Regional transporters tipped on Kagitumba as alternative route

Dennis Karera, the Vice Chair of the East Africa Business Council, and Patience Mutesi, the country director for TradeMark East Africa, follow a presentation during the meeting in Kigali yesterday. Sam Ngendahimana.

Officials from the Northern Corridor countries have said that the newly upgraded Mirama Hills-Kagitumba One-Stop Border Post (OSBP) will serve as a key alternative freight transport and transit, and will ease cross-border trade.

Mirama Hills-Kagitumba border post started 24-hour operations last week, following the collapse of a road section connecting Kabale town and Katuna border on the Ugandan side.

Before then, on the Rwandan side the same road had caved two weeks ago due to mudslides but was fixed and traffic went back to normal.

This is the busiest route linking Kigali to the Port of Mombasa.

Last year, the Ugandan section of the 37-kilometre Ntungamo-Mirama Hills road was upgraded to bitumen standard.

Transporters had for decades braved potholes, dust and delays due to the chaotic nature of the road-users mainly during rainy seasons.

But the upgraded road now makes the route through Mirama Hills-Kagitumba border post a safe and faster border crossing point for traders, freight transporters and passengers travelling to and from Rwanda, officials said.

Traders and transporters from Kenya, Uganda and Rwanda, who met in Kigali yesterday in a workshop to discuss how they can improve the level of awareness and highlight the advantages of using the route, said that business people stand to benefit a lot if they fully utilise the Mirama Hills-Kagitumba route.

Patience Mutesi, the country director for TradeMark East Africa, which funded the upgrade of the road, described the route as fast and efficient, saying that it will ease traffic.

“We realised the need for an alternative route to ease traffic flows and increase efficiency of the border in terms of delivering quick services to businesses. The ultimate goal was to have 60 per cent of the traffic via Gatuna diverted to Kagitumba,” she remarked.

TradeMark East Africa partnered with the governments of Rwanda and Uganda to upgrade the road section, and the works cost US $24 million (approximately Rwf20.8 billion), according to Mutesi.

Dennis Karera, the Vice Chair of the East Africa Business Council, the apex body of business associations of the private sector and corporates from the region, said that the new route is timely as it will reduce time taken and cost of transportation.

“It is important to understand that what facilitates business across the region is transport. But road transport is primarily key to the business we do. This is a relief for us as business people,” he noted, adding that previous experience was awful.

“Recently, I made a trip to Katuna with a Ugandan colleague and we were surprised that there were nearly 78 trucks parked on the Ugandan side of the border. This caused delays, traffic and even posed dangers,” Karera noted.

On the other hand, Kigali-Gatuna road is on a hilly terrain with a number of sharp turns, which many say pose a lot of dangers as opposed to the upgraded Mirama Hills-Kagitumba. The Mirama Hills-Kagitumba border post can clear up to 10-15 trucks a day, and it has a cold room with a capacity of 10,000kg.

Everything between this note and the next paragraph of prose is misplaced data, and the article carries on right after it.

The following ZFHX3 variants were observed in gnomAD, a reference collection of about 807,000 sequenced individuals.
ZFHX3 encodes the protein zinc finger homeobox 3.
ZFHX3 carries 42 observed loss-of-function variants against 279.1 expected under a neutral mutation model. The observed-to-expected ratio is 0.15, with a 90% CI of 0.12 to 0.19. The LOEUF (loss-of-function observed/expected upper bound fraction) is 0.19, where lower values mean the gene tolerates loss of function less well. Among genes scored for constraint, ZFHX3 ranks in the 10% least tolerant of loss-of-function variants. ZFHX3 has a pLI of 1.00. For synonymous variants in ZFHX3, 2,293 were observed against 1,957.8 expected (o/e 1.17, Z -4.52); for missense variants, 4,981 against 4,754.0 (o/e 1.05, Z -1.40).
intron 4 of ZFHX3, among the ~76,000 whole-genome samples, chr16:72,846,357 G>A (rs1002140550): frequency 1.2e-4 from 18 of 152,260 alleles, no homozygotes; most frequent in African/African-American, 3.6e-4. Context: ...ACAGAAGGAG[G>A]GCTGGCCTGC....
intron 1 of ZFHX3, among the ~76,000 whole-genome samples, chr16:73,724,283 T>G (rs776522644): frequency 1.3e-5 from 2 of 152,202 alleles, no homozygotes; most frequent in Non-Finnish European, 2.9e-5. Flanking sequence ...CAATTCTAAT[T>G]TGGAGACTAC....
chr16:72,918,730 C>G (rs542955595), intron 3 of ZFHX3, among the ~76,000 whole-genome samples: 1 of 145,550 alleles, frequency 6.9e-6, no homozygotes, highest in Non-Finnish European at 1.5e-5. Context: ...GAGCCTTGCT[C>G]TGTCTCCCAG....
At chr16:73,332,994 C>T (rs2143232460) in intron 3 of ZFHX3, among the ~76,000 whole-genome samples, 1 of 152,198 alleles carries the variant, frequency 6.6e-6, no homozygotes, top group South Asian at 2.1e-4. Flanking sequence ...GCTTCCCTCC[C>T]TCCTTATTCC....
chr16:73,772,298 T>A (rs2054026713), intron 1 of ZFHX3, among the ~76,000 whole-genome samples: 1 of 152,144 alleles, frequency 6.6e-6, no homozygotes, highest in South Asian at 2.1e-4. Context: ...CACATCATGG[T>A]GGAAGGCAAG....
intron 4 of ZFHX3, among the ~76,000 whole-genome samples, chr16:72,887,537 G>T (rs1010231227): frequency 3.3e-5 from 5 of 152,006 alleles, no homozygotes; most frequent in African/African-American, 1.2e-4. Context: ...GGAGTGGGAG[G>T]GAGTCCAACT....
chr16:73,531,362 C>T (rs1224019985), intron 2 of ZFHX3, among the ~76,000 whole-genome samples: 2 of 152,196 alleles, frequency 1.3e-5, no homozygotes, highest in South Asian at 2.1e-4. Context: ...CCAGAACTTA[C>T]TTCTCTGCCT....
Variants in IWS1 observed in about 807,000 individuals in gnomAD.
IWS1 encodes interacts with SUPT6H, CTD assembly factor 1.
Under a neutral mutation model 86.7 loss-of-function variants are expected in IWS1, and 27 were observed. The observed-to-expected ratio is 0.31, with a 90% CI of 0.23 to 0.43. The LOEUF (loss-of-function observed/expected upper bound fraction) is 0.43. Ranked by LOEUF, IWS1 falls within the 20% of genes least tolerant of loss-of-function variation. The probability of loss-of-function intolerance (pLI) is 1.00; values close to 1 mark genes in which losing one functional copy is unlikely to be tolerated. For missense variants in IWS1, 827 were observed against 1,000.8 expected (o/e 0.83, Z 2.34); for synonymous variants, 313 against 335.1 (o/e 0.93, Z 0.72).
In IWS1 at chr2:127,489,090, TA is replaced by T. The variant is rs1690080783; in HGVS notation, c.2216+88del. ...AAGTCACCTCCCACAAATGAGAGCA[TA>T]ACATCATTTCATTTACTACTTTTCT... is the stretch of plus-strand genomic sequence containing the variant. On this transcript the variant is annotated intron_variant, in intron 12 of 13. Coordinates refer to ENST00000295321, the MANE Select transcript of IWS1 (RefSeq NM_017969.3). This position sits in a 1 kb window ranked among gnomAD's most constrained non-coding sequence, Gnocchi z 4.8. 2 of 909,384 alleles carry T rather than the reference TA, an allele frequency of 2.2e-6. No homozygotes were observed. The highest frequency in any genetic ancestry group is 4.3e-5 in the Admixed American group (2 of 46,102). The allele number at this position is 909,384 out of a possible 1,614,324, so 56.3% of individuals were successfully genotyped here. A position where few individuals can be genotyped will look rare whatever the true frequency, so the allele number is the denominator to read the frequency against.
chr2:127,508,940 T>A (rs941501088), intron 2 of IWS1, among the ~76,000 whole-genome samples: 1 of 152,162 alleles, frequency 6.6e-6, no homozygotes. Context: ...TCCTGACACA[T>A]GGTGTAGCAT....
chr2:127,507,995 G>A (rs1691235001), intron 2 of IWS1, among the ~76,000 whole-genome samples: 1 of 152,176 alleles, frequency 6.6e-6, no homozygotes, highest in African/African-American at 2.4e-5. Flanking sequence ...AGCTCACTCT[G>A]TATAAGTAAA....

However, Byron Kinene, the chairman of Regional Lorry Drivers and Transporters Association in Uganda, suggested that given the longer distance of the Kagitumba route to Katuna, Rwandan authorities should review speed control limits as the current ones do not favour the drivers.

“The maximum speed control limit on the route to which the authorities want to divert the heavy traffic is 60km per hour, and there are some areas where it is 40km per hour. But really, there is no way a driver can be driving at 40 km/hr on a flat road,” he said.

He also called for more services along this route like banks, restaurants, accommodation facilities among others to facilitate the drivers enroute.

‘Need for continuous road network improvement’

Participants indicated that there is need for continuous improvement of transport connection infrastructure like roads leading to and from one-stop border posts to major cities and towns as this is critical in realising the region’s trade goals.

According to the 2017 Transport Observatory Report, 82 per cent of the Northern Corridor road network in Rwanda is paved and in good condition, and 18 per cent is in fair condition. However, as trade volumes increase between Rwanda and EAC, participants indicated that heavier truckloads are exported to test the infrastructure to its limit.

However, officials from the Rwanda Transport Development Agency (RTDA) highlighted that there are more rehabilitation and widening work on going on different routes including Kagitumba-Gabiro and Gabiro-Kayonza.

Jean de Dieu Uwihanganye, the state minister in charge of transport at the Ministry of Infrastructure, highlighted that the Government is continuing to invest more in expanding road network infrastructure with the idea to ease the movement of goods, services and people.


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